Robert De Niro asks a very important GTD® question with his famous quote in the movie ‘Taxi Driver’. “Are you talking to me?”

You wouldn’t believe how many projects are found on lists that don’t ‘talk’ to their owners.

First of all, some project names don’t talk to their owners aesthetically – or in other words they are so very un-sexy that nobody would want to do them in the first place. ‘Finalise taxes’ is not attractive. Try its sexy little brother ‘Tax refund received’ and you are more likely to get moving on that desired outcome.

Some project names also don’t talk to their owners, because they are formulated for someone else!

I am actually amazed to see how some of my seminar participants live with projects that are not their own, and still get stuff done. I find things like ‘Bathroom refurbishment’ on their ‘to-do-list’ – only to discover after some questioning that the actual project for my participant is ‘Capable plumber contracted’!  She didn’t need to do the plumbing, the tiling or indeed buy any of the equipment. Her project in the whole bathroom ordeal is only to find and contract a plumber. Everything else was being carried out by her husband. ‘Bathroom refurbished’ didn’t talk to her at all.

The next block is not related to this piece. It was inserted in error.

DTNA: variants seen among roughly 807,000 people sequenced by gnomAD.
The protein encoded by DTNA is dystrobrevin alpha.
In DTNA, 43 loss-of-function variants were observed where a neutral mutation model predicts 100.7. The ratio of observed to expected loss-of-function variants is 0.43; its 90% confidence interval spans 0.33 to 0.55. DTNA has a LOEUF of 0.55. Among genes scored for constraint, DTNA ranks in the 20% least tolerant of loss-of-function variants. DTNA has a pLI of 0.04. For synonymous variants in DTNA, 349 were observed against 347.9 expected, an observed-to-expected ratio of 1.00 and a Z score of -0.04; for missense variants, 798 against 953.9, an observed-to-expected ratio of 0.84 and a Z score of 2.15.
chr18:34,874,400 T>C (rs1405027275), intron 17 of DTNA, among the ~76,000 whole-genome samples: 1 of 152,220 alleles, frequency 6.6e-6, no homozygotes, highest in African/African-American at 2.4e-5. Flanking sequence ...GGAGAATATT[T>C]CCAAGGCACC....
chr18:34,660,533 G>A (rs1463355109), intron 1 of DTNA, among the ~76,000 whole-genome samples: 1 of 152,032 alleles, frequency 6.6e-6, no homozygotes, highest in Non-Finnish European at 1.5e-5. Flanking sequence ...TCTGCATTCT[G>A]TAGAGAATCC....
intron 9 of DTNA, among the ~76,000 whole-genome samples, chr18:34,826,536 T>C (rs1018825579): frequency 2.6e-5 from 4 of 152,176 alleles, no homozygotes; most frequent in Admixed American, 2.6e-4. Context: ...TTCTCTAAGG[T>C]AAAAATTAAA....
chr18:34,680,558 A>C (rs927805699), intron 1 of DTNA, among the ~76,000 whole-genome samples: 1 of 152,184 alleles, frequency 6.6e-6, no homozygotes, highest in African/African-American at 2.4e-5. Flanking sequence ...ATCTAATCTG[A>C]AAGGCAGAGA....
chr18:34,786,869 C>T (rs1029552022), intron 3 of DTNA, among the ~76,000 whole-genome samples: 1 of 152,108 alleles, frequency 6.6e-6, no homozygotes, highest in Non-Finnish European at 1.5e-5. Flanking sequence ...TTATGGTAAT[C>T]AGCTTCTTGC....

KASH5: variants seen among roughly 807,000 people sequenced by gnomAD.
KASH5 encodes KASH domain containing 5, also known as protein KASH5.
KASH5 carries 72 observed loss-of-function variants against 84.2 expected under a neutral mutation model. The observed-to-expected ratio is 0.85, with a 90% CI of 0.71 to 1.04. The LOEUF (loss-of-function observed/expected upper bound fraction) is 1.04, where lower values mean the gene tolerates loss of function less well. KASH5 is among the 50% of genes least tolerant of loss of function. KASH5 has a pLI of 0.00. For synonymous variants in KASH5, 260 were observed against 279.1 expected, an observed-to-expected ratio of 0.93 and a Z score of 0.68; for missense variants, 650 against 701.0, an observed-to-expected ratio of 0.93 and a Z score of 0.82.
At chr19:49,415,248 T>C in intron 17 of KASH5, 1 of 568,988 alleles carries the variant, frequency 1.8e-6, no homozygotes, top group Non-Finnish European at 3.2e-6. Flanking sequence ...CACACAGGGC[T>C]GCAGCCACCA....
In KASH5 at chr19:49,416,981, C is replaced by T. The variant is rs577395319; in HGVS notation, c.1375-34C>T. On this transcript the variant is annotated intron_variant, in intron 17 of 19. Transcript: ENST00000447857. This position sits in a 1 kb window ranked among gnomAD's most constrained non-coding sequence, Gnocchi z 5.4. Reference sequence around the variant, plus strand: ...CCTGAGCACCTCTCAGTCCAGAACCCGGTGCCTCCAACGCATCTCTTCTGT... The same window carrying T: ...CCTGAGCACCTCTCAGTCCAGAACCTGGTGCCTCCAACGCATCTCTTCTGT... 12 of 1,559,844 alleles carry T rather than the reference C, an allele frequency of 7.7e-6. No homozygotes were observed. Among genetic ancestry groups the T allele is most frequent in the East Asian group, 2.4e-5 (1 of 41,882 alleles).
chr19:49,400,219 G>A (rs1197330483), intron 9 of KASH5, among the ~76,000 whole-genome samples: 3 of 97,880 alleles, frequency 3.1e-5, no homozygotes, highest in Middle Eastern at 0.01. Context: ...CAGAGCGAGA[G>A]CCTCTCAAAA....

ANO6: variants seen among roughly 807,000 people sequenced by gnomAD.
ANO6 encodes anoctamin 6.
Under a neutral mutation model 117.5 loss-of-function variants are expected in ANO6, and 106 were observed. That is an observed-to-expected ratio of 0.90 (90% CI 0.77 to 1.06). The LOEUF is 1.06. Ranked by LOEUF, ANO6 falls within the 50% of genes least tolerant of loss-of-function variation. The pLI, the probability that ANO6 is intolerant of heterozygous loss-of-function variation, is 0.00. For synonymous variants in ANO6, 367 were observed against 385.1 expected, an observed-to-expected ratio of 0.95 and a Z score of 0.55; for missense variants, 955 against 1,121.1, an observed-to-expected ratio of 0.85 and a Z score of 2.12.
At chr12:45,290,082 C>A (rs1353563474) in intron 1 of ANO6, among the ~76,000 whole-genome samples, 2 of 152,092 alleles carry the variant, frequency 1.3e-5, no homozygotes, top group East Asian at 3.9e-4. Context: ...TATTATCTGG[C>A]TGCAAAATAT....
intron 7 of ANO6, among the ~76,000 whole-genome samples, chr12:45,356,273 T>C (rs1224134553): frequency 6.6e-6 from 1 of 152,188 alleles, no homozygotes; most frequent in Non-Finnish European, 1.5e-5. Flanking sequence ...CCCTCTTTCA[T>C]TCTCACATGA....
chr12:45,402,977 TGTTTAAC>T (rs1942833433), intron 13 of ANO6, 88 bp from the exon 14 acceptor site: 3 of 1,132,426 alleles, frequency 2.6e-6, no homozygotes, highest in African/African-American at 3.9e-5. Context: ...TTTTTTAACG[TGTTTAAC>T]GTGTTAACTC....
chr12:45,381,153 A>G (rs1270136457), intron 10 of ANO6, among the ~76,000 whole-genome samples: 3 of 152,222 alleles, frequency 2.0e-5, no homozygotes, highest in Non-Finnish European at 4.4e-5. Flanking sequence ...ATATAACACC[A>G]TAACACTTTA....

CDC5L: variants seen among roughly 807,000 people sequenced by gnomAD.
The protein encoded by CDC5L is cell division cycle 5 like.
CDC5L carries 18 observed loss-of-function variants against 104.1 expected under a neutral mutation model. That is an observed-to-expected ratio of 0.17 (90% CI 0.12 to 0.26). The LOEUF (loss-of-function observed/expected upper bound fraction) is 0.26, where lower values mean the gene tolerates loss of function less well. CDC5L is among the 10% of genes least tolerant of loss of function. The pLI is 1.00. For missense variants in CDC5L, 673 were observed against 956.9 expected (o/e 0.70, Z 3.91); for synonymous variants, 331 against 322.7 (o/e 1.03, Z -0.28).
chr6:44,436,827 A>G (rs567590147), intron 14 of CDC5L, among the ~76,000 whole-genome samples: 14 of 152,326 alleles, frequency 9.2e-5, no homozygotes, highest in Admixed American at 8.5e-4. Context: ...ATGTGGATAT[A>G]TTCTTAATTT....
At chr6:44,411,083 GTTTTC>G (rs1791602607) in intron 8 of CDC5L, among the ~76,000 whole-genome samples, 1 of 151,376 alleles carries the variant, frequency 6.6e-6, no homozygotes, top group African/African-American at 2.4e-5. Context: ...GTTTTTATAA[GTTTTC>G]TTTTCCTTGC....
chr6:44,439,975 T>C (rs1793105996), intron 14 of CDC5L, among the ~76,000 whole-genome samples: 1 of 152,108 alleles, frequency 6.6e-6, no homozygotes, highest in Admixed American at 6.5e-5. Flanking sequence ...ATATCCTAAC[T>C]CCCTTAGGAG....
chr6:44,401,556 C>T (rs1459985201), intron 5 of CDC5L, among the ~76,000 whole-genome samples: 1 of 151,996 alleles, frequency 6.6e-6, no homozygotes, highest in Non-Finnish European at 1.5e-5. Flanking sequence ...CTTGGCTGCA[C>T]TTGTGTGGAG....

If you worked for Airbus, your project is very likely NOT to get the A380 in the air. Your project might be finished when the coffee machine is installed on board. I can go on and on with examples of where my participants overwhelm themselves with stuff they are not remotely in charge of.

So my question is: are the projects on your lists talking to you? Or to someone else?

We always go back to the same very basic questions: What does finished look like FOR YOU – or for your corporation, your husband, your mother-in-law? When are YOU done with YOUR part? Only once you have you answered these questions, you will able to formulate a project name that is actually talking to you.

And once you know what this project looks like when it is finished, you can define your very first next action to move it forward.

At your next Weekly Review®, put your proverbial chauffer’s cap on and ask yourself when going through your project list:  are you actually talking to me?


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